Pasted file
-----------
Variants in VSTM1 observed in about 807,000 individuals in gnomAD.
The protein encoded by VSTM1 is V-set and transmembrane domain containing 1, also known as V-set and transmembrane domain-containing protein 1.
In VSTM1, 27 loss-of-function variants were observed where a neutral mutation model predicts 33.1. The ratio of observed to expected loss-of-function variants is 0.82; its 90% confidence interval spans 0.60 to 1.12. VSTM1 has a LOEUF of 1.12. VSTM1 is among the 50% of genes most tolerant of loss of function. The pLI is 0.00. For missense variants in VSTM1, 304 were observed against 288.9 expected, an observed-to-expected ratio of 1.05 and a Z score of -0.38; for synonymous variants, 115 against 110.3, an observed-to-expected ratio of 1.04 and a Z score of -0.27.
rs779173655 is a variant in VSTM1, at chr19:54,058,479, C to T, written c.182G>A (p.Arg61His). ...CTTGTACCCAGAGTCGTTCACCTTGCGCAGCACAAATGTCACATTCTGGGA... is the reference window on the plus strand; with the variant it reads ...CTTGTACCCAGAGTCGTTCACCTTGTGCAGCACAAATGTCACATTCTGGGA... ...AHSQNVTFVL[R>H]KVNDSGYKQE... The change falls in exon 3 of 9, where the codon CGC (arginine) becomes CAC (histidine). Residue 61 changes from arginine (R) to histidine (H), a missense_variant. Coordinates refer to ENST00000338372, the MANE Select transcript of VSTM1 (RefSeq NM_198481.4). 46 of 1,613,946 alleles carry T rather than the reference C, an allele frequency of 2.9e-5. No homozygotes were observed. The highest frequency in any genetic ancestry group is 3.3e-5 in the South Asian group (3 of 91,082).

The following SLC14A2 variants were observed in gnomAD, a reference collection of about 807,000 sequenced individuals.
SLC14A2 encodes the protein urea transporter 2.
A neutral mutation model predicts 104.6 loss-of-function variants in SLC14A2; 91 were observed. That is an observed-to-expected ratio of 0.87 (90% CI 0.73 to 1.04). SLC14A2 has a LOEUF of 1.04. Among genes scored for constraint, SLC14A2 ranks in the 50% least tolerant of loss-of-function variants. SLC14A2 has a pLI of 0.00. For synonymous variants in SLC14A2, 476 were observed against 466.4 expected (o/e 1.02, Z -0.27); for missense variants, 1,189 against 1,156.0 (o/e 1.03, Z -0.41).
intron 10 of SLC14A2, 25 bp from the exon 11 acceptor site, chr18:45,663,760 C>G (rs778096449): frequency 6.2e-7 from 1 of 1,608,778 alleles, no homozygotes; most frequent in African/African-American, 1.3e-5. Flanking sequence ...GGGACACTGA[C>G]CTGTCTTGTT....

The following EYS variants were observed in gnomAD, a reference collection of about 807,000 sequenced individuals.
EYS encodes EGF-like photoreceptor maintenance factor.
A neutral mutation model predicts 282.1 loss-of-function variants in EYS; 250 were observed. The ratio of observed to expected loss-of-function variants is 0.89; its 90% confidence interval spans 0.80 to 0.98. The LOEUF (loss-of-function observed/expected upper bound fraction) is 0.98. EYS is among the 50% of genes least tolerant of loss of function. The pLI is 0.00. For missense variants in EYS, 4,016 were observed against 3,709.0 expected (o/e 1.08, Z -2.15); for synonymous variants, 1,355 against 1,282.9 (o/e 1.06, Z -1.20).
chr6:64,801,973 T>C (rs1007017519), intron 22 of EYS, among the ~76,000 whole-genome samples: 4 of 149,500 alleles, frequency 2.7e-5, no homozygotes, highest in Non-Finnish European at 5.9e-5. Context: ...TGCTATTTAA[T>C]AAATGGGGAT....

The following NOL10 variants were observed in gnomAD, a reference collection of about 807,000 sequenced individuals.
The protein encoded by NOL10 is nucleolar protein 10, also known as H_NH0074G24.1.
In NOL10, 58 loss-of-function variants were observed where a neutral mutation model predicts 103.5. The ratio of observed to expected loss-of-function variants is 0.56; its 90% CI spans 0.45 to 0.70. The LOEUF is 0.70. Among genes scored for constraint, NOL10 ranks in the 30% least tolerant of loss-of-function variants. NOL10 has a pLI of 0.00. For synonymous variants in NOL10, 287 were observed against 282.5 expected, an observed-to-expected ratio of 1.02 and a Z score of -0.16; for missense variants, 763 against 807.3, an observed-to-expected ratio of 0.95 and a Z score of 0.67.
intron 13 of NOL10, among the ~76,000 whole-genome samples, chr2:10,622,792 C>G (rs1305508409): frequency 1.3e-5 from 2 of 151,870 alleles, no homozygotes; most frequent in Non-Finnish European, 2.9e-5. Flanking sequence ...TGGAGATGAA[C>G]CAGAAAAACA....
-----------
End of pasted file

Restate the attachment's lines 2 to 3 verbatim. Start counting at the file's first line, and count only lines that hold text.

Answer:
The protein encoded by VSTM1 is V-set and transmembrane domain containing 1, also known as V-set and transmembrane domain-containing protein 1.
In VSTM1, 27 loss-of-function variants were observed where a neutral mutation model predicts 33.1. The ratio of observed to expected loss-of-function variants is 0.82; its 90% confidence interval spans 0.60 to 1.12. VSTM1 has a LOEUF of 1.12. VSTM1 is among the 50% of genes most tolerant of loss of function. The pLI is 0.00. For missense variants in VSTM1, 304 were observed against 288.9 expected, an observed-to-expected ratio of 1.05 and a Z score of -0.38; for synonymous variants, 115 against 110.3, an observed-to-expected ratio of 1.04 and a Z score of -0.27.